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Going Global
Lars Anderson
March 14, 2005
A Busch Series race in Mexico was the first step in Brian France's grand plan to turn all the world (even New York City) into NASCAR Nation
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March 14, 2005

Going Global

A Busch Series race in Mexico was the first step in Brian France's grand plan to turn all the world (even New York City) into NASCAR Nation

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The stock car engines were about to be revved in Mexico City, and it was almost time for the green flag to drop on one of the most important race weekends of his career, but even before Brian France hopped onto a private jet in Los Angeles to fly south of the border last Friday he was feeling as if he were headed for Victory Lane. "We're hitting our stride," said France, the chairman of NASCAR, moments before boarding. "We're certainly no longer a regional sport. We're a national sport--and we're just going to get bigger. We're kind of on a roll."

Yes, these are heady days for France and his burgeoning NASCAR Nation. On Sunday the 42-year-old France, whose grandfather Bill France Sr. founded NASCAR in 1947, joined a crowd of nearly 100,000 who paid up to 1,800 pesos ($160) at Autodromo Hermanos Rodriguez, a slick, 2.518-mile road course in Mexico City, for a Busch Series race. It was NASCAR's first points race held outside the U.S. since a short-track event in Toronto in 1958, and it marked another landmark advance for the racing organization. By having the Busch Series, NASCAR's top minor league for the Nextel Cup Series, make a stop in another country, France has sent a signal that he is gearing up to go after something the pioneers of his sport never dreamed of: an international audience.

"Around the world auto racing is either the most popular or second-most popular sport behind soccer, depending on what country you're in," says France. "This means there's a lot of opportunity for us to grow."

The time, in fact, seems right for NASCAR to find a niche overseas. The primary form of racing outside the U.S., Formula One, has become boring with its lack of passing and the dominance of Michael Schumacher, who's won five driving titles in a row. At home NASCAR's emergence has rendered the Indy Racing League--and its marquee event, the Indy 500--virtually irrelevant, so France has turned his attention to new frontiers. By 2015 you should expect to see some form of NASCAR racing in Canada, China, Europe and Mexico.

In the short term, though, there's one more market that France still has to conquer in the U.S.: New York City. In December the International Speedway Corporation (ISC), which is run by the France family and owns 12 tracks that host Nextel Cup races, paid $100 million for 600 acres of unused industrial land on Staten Island. ISC is planning to build a three-quarter-mile track that will be completed in about five years, which means race cars could be lining up for the start of the New York City 400 as early as 2010.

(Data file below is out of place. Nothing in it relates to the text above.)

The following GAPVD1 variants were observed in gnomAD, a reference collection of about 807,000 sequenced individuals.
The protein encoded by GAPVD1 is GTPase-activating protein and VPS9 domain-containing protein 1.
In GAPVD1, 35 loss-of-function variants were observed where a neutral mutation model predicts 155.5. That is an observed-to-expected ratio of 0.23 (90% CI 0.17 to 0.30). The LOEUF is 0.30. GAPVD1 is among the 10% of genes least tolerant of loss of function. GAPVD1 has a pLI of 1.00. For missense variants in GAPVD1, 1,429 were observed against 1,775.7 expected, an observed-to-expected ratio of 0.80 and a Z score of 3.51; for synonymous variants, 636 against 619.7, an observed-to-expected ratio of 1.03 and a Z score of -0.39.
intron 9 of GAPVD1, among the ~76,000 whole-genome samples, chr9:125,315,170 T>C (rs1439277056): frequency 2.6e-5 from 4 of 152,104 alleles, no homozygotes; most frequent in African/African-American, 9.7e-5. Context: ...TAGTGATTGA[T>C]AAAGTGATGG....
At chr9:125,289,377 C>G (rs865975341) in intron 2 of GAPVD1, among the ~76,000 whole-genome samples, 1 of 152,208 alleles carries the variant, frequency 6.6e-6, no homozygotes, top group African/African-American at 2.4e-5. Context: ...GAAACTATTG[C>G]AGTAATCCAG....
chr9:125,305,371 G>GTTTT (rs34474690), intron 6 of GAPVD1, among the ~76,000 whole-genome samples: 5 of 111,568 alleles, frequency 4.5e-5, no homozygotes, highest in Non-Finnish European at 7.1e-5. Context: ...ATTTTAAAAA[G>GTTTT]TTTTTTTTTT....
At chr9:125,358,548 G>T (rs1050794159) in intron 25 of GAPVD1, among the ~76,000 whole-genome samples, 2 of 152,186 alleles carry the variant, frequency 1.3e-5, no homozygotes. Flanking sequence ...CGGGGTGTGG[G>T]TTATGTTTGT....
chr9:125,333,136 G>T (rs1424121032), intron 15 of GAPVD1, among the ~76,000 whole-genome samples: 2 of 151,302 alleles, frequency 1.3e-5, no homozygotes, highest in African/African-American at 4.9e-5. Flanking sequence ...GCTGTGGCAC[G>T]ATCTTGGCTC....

New Yorkers have long shown disdain for NASCAR, but there's evidence of a change in attitude. The TV ratings in the New York market for Fox's telecast of the Auto Club 500 in Fontana, Calif., on Feb. 27 increased an eye-popping 94% over the ratings for the second race of 2004. " New York is the media capital of the world, and I can't think of anything better for our sport than having a race there," says driver Jeff Gordon. "I think a lot of New Yorkers would be surprised at what they'd see."

Clearly NASCAR's fender-banging, down-to-the wire races and its new 10-race Chase for the Championship playoff format has struck a chord with casual sports fans. But perhaps the most important factor driving the surge in places such as New York and Mexico, has been, well, NASCAR's drivers. Though still generally associated with the Southeast, the pool of racers has become more geographically diverse in the last decade--and more telegenic--which has helped attract new fans. For example, when Gordon joined the circuit full time 12 years ago, he was viewed by most hard-core fans as an outsider and a villain because he was from Vallejo, Calif. Yet in the field at Fontana there were more drivers in the field from California than any other state.

On Sunday there was another indication of increased diversity among drivers: nine in the Telcel Motorola 200 were from Mexico. This new era of international NASCAR officially began when Mexican comedian Eugenio Derbez gave the command for the drivers to start their engines, "´┐ŻLos pilotos, encienden sus motores!" In the end Martin Truex Jr., a 24-year-old driver from Mayetta, N.J., took the checkered flag. As he performed a victory burnout on the frontstretch, one of the largest crowd in the 55-year history of the Busch Series roared and waved Mexican flags.

For France and NASCAR, the scene affirmed that the sport can flourish outside the U.S.-- and that there's mucho dinero still to be made.

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